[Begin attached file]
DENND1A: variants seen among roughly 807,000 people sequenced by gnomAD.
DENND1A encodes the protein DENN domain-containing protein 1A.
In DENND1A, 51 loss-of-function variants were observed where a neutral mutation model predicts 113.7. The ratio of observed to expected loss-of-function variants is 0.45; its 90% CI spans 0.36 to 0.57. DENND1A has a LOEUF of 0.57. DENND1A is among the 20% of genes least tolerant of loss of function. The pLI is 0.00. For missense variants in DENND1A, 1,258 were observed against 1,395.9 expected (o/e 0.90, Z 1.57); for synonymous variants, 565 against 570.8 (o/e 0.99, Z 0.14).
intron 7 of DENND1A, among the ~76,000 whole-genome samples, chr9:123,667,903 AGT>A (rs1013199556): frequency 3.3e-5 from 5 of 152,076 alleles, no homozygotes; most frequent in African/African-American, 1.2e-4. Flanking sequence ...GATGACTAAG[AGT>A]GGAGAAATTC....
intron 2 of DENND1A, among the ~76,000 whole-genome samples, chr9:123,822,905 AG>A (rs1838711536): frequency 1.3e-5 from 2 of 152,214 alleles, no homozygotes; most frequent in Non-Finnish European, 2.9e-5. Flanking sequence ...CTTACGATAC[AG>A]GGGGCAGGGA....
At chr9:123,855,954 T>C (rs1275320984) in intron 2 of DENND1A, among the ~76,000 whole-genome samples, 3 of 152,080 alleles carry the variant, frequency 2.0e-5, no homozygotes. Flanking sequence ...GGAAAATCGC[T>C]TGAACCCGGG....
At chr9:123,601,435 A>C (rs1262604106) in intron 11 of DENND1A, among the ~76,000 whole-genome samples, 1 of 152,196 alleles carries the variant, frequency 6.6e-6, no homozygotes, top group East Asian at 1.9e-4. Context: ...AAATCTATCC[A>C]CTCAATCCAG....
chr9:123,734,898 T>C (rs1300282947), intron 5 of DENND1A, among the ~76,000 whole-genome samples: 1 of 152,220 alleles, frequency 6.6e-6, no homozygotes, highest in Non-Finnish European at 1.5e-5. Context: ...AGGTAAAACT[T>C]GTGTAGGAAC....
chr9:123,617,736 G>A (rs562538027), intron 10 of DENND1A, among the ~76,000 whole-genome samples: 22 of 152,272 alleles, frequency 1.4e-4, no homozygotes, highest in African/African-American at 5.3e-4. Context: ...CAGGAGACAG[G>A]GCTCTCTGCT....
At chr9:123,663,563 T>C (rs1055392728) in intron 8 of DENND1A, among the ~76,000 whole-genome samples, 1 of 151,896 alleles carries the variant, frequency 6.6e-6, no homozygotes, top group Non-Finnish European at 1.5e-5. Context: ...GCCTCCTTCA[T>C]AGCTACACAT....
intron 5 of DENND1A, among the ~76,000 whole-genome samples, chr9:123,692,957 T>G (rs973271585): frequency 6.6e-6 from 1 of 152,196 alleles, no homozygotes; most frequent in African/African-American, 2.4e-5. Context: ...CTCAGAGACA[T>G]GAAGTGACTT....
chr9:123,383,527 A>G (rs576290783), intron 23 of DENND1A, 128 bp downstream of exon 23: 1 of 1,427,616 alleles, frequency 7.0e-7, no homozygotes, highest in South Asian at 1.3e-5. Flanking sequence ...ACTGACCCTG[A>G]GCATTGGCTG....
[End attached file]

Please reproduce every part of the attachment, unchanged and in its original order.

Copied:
DENND1A: variants seen among roughly 807,000 people sequenced by gnomAD.
DENND1A encodes the protein DENN domain-containing protein 1A.
In DENND1A, 51 loss-of-function variants were observed where a neutral mutation model predicts 113.7. The ratio of observed to expected loss-of-function variants is 0.45; its 90% CI spans 0.36 to 0.57. DENND1A has a LOEUF of 0.57. DENND1A is among the 20% of genes least tolerant of loss of function. The pLI is 0.00. For missense variants in DENND1A, 1,258 were observed against 1,395.9 expected (o/e 0.90, Z 1.57); for synonymous variants, 565 against 570.8 (o/e 0.99, Z 0.14).
intron 7 of DENND1A, among the ~76,000 whole-genome samples, chr9:123,667,903 AGT>A (rs1013199556): frequency 3.3e-5 from 5 of 152,076 alleles, no homozygotes; most frequent in African/African-American, 1.2e-4. Flanking sequence ...GATGACTAAG[AGT>A]GGAGAAATTC....
intron 2 of DENND1A, among the ~76,000 whole-genome samples, chr9:123,822,905 AG>A (rs1838711536): frequency 1.3e-5 from 2 of 152,214 alleles, no homozygotes; most frequent in Non-Finnish European, 2.9e-5. Flanking sequence ...CTTACGATAC[AG>A]GGGGCAGGGA....
At chr9:123,855,954 T>C (rs1275320984) in intron 2 of DENND1A, among the ~76,000 whole-genome samples, 3 of 152,080 alleles carry the variant, frequency 2.0e-5, no homozygotes. Flanking sequence ...GGAAAATCGC[T>C]TGAACCCGGG....
At chr9:123,601,435 A>C (rs1262604106) in intron 11 of DENND1A, among the ~76,000 whole-genome samples, 1 of 152,196 alleles carries the variant, frequency 6.6e-6, no homozygotes, top group East Asian at 1.9e-4. Context: ...AAATCTATCC[A>C]CTCAATCCAG....
chr9:123,734,898 T>C (rs1300282947), intron 5 of DENND1A, among the ~76,000 whole-genome samples: 1 of 152,220 alleles, frequency 6.6e-6, no homozygotes, highest in Non-Finnish European at 1.5e-5. Context: ...AGGTAAAACT[T>C]GTGTAGGAAC....
chr9:123,617,736 G>A (rs562538027), intron 10 of DENND1A, among the ~76,000 whole-genome samples: 22 of 152,272 alleles, frequency 1.4e-4, no homozygotes, highest in African/African-American at 5.3e-4. Context: ...CAGGAGACAG[G>A]GCTCTCTGCT....
At chr9:123,663,563 T>C (rs1055392728) in intron 8 of DENND1A, among the ~76,000 whole-genome samples, 1 of 151,896 alleles carries the variant, frequency 6.6e-6, no homozygotes, top group Non-Finnish European at 1.5e-5. Context: ...GCCTCCTTCA[T>C]AGCTACACAT....
intron 5 of DENND1A, among the ~76,000 whole-genome samples, chr9:123,692,957 T>G (rs973271585): frequency 6.6e-6 from 1 of 152,196 alleles, no homozygotes; most frequent in African/African-American, 2.4e-5. Context: ...CTCAGAGACA[T>G]GAAGTGACTT....
chr9:123,383,527 A>G (rs576290783), intron 23 of DENND1A, 128 bp downstream of exon 23: 1 of 1,427,616 alleles, frequency 7.0e-7, no homozygotes, highest in South Asian at 1.3e-5. Flanking sequence ...ACTGACCCTG[A>G]GCATTGGCTG....